Creating Easy, Customer-Centric Conference Registration Forms
From our previous discussions on membership forms and a new customer’s first experience with our organizations, we learned that less is more. The form and online experience both need to be as inviting and user friendly as possible. However, cumbersome forms and processes are larger than just membership forms; it impacts conference and event registration forms as well.
Importance of the Registration Form
While it is important to provide as many opportunities and educational sessions as possible during conferences, the registration forms can become overwhelming and daunting to potential registrants, especially first-time attendees. Repeat attendees may know the options and know what to look for on the registration form, but first-time attendees are looking at the registration with fresh eyes. These attendees do not know the format of our organizations’ conferences. The registration form contains an abundance of options including full conference registrations, single day registrations, and multiple day registrations, join and register discounts, preconference events, post conference events, donations, handouts, corporate symposia events, concurrent sessions, and optional events. On top of all these registration options there are personal accommodation requests and demographic questions that our organizations ask from their registrants. With all these options and information being gathered it is no wonder that the experience can be taxing and overwhelming to the registrant. By asking for too much we may be encouraging potential attendees to not provide any information at all, potentially causing them not to attend.
Reduce, Simplify, Streamline
So how does an organization reduce, simplify and streamline a form to improve the customer experience? If your form and AMS are integrated, one way to do this is to pre-populate as many fields as possible for returning customers. If a customer who has had a satisfying experience with our association with one transaction (membership, products, conference) chooses to register for/buy another, we already have their information. Simply prepopulate a registration form with their data, ask them to confirm or update, and then pass directly to pay.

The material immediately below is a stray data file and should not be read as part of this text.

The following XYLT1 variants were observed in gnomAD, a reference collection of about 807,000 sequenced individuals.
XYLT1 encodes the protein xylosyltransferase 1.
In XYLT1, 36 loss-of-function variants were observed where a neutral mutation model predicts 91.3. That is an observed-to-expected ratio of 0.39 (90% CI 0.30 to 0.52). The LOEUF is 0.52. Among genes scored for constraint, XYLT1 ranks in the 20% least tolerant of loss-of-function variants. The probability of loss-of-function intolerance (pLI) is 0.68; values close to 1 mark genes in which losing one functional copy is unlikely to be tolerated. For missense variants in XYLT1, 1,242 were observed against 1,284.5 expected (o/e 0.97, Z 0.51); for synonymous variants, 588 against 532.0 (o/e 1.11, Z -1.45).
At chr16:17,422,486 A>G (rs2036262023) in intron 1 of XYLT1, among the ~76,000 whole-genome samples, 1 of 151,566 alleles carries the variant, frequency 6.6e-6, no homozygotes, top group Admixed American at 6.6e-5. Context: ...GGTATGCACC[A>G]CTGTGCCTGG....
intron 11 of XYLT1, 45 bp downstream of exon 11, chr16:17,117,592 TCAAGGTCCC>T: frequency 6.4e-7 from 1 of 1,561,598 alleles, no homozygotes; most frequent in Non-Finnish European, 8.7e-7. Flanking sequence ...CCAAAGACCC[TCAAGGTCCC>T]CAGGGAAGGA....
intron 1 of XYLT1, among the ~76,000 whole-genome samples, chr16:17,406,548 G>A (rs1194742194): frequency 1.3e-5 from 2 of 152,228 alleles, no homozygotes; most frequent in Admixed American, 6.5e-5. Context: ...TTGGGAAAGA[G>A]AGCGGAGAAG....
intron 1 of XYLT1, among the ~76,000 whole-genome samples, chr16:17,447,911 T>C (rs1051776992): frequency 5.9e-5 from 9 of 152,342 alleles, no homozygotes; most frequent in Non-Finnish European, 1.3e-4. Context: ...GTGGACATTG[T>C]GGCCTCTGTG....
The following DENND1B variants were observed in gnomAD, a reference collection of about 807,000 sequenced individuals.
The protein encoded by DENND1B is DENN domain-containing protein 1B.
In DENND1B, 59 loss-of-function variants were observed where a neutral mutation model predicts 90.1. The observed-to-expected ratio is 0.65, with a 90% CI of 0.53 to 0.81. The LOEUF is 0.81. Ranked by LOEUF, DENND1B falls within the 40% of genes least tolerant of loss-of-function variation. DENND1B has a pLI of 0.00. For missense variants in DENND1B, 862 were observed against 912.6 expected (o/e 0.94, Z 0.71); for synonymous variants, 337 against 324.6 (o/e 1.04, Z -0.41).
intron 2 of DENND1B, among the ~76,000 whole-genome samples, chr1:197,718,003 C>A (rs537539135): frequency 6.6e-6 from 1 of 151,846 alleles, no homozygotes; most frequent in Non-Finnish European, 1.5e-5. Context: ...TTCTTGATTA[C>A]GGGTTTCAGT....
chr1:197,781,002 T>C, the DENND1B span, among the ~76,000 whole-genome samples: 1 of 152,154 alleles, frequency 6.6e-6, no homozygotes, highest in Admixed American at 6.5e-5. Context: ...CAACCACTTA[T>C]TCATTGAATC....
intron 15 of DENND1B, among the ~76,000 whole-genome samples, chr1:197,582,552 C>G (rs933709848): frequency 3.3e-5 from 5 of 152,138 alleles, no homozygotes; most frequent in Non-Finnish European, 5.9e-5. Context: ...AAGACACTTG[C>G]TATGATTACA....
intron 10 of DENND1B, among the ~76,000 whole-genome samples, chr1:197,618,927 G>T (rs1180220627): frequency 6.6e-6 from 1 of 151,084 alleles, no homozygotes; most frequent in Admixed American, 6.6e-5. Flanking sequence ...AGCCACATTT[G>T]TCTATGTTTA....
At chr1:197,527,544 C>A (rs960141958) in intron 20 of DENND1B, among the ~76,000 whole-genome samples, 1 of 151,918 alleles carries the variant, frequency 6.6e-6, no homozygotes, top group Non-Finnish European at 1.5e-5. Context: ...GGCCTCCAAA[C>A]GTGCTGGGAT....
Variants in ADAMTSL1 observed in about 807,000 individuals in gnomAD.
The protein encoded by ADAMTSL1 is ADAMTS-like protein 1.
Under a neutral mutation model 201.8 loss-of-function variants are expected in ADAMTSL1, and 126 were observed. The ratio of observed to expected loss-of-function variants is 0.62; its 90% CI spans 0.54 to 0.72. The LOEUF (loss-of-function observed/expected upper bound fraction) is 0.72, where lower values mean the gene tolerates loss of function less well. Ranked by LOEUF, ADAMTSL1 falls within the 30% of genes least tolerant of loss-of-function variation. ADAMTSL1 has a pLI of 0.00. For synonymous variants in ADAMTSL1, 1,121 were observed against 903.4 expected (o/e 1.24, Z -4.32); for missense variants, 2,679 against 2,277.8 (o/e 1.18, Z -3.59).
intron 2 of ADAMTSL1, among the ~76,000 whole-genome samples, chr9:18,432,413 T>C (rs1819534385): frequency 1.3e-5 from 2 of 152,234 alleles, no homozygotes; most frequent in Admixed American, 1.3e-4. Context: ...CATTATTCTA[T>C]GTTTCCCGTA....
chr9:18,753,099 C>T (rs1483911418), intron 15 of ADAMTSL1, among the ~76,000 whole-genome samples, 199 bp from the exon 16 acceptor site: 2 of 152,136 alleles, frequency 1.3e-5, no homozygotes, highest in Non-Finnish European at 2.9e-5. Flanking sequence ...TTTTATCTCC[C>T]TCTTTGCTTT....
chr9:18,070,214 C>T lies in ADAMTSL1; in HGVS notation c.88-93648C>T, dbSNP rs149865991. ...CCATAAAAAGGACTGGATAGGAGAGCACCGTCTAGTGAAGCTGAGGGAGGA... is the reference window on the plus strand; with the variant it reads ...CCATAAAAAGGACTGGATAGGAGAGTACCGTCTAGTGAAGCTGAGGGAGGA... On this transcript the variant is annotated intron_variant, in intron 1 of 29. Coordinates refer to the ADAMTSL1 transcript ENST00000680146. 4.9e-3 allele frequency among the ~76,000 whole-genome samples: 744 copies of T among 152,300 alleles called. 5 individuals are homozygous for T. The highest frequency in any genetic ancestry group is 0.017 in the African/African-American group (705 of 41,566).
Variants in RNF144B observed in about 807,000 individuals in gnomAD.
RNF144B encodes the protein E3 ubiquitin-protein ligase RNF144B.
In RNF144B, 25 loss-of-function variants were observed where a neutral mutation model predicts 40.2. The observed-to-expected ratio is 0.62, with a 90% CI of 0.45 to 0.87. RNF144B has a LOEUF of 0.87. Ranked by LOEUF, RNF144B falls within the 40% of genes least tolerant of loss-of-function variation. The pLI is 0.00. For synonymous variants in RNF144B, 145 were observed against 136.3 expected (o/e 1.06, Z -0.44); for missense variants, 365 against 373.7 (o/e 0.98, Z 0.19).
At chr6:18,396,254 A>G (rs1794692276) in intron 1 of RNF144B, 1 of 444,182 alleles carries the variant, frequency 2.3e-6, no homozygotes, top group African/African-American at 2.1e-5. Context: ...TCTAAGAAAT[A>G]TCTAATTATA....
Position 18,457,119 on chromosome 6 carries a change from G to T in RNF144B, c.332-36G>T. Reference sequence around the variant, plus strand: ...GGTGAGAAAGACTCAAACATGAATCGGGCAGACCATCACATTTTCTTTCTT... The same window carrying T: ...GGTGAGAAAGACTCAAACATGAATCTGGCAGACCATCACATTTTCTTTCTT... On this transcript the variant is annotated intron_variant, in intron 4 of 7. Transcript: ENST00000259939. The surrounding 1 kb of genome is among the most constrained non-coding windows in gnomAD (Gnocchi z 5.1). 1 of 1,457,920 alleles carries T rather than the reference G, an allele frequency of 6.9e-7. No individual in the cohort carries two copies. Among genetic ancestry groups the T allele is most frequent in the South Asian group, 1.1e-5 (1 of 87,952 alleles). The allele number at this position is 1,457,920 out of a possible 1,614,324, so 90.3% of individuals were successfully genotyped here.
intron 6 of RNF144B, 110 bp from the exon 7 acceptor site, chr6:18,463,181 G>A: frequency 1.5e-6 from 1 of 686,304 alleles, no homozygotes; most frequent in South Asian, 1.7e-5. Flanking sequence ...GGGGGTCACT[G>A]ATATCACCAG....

At AMC, we have a program called Informed Decisions for all healthcare organizations (membership and certification). If it has been longer than six months between transactions, their customers are asked to update their key demographic data before the next purchase. Just before check-out, a prepopulated demographic page pops-up showing the customer their profile asking for update or confirmation before completing payment. Taking this one step further, we should prepopulate all conference registration forms with demographic information and special accommodations from prior registrations which customers could quickly confirm and then pass through to the next section, allowing them to simply sign up for sessions and pay.
Rely on Data to Help
We can and should rely on data to indicate if all the options on the forms are really necessary. For example, on conference forms, the most cluttered, why do we ever ask “is this your first meeting?” Shouldn’t that information in the customer’s database record indicate whether this is the customer’s first meeting? Check - One down.
Also, as heard many times anecdotally in association meetings, the benefit of one and two day options versus only offering full conference registrations is the belief that these daily options attract locals. Is it true? What does your data tell you in post analysis of your meeting registration? Did you attract a significant number of locals? Did you make personal calls to engage them after their conference experience? Did they convert to members or stay engaged to make additional purchases? Net, does this option work? If not, get rid of it!
All in all, when it comes to forms for membership or registration, our goal is to get it! And through the superior product the organization provides (wonderful membership benefits or great conference experiences), we should strive to create an affinity and trust that allows us to gather a wealth of customer information over time, not in one place as if it was our only chance.
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